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Storybound Hardcover – April 3, 2012
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Through Bible stories, short devotions, and prayers, children discover the meaning of each name and how it relates to their lives. Hardcover
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“A richly imagined world. Readers will enjoy the mind-bending fun of puzzling together small details.” (Booklist)
“Readers who love fantasy may see an opportunity to snuggle up with a cup of cocoa and unravel the plot, which twists and turns in on itself, with happy surprises.” (Kirkus Reviews)
“With its unique twist (her roommate, for example, is a snooty Snow White), Una’s adventures should charm those who enjoy fairy-tale reboots, and the cliff-hanger ending could ensure demand for a sequel.” (School Library Journal)
About the Author
Marissa Burt was forever getting notes sent home from teachers about reading novels during class. She grew up in Oregon and now lives in the Seattle area with her husband and three sons. Marissa is also the author of Storybound and Story's End.
Based on an original new story by J.K. Rowling, Jack Thorne and John Tiffany, Harry Potter and the Cursed Child is the eighth story in the Harry Potter series, and the first official Harry Potter story to be presented on stage. Pre-order the official script book today. Kindle | Hardcover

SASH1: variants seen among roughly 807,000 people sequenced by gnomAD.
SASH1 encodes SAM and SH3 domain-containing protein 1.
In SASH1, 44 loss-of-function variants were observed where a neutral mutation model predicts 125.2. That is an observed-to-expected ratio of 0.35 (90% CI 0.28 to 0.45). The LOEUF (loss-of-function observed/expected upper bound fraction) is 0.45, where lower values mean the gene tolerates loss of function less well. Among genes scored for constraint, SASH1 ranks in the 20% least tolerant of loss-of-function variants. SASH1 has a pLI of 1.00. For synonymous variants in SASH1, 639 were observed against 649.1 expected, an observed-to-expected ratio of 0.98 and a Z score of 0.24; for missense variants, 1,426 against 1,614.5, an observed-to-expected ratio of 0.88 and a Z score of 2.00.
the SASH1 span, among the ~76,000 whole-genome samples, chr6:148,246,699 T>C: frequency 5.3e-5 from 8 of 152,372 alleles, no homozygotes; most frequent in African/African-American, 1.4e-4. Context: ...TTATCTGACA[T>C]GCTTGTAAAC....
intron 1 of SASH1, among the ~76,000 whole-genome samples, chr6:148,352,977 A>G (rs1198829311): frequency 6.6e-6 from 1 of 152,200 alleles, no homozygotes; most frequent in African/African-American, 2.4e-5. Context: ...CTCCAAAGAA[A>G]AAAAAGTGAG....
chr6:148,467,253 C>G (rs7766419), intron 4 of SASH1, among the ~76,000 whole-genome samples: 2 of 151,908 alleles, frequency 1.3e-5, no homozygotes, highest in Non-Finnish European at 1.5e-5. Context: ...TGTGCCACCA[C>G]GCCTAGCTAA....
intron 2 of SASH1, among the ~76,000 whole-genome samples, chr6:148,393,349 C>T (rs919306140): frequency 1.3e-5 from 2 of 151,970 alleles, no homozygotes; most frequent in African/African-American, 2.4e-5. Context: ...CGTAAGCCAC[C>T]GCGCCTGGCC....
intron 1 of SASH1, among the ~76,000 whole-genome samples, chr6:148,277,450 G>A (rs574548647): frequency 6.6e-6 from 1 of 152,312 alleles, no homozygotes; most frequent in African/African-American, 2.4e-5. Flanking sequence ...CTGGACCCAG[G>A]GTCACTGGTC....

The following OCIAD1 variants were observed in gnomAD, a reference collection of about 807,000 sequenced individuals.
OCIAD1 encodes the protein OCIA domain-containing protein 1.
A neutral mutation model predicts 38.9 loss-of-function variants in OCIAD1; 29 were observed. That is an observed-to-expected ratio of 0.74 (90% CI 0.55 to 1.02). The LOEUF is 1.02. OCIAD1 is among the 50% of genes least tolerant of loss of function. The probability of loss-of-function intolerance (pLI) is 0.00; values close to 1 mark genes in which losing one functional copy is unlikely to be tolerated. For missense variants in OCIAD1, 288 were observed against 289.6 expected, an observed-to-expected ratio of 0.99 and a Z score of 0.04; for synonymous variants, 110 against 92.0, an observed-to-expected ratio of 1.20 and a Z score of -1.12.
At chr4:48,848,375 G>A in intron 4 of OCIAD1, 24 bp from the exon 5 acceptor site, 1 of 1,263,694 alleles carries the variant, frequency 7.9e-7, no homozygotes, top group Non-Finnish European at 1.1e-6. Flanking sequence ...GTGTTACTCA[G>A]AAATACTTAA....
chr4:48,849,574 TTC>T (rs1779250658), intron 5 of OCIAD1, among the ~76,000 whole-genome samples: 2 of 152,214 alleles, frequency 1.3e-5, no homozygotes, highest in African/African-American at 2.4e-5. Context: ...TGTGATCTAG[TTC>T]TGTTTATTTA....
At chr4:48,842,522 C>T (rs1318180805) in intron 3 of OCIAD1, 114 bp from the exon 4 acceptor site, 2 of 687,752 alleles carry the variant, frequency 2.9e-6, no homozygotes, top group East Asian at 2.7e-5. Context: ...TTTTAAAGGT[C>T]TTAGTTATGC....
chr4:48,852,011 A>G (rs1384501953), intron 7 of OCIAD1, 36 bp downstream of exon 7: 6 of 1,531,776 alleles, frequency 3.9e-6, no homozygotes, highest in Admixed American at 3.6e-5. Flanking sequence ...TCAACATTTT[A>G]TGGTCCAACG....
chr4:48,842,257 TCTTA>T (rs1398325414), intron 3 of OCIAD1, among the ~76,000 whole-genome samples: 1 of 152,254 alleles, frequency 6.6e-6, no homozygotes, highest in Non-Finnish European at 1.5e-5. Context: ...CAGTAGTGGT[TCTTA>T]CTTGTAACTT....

More About the Author
Along the way, she studied Sociology, Ancient Languages, and Theology and clocked hours as a social worker, barista, 5th grade teacher, bookseller, faculty assistant, and reference librarian. But not all at the same time.
Marissa now lives in the Seattle area with her husband and three sons where she enjoys time spent around family, friends, and good books.
Photo: ©2011, Barry Gregg
Top Customer Reviews
Storybound is refreshing in that, while it is a middle grade novel, it is not written down for children. Many times when I read books geared for such a young audience, there is a certain self-consciousness to the book; I am never unaware that I am, in fact, reading a book. Storybound allowed me to fully immerse in the world Burt created. The descriptions of Story are vivid, and the characters all have plenty of nuance. For a book that deals with the stereotypes of stories, her characters have many shades of gray that make them real.
The language and syntax is simple enough for children to read, but as a parent and an English teacher, I was happy to see a handful of words that might encourage young hands to reach for a dictionary. The twists in the plot found the balance of holding the attention of older readers, while not confusing its intended audience.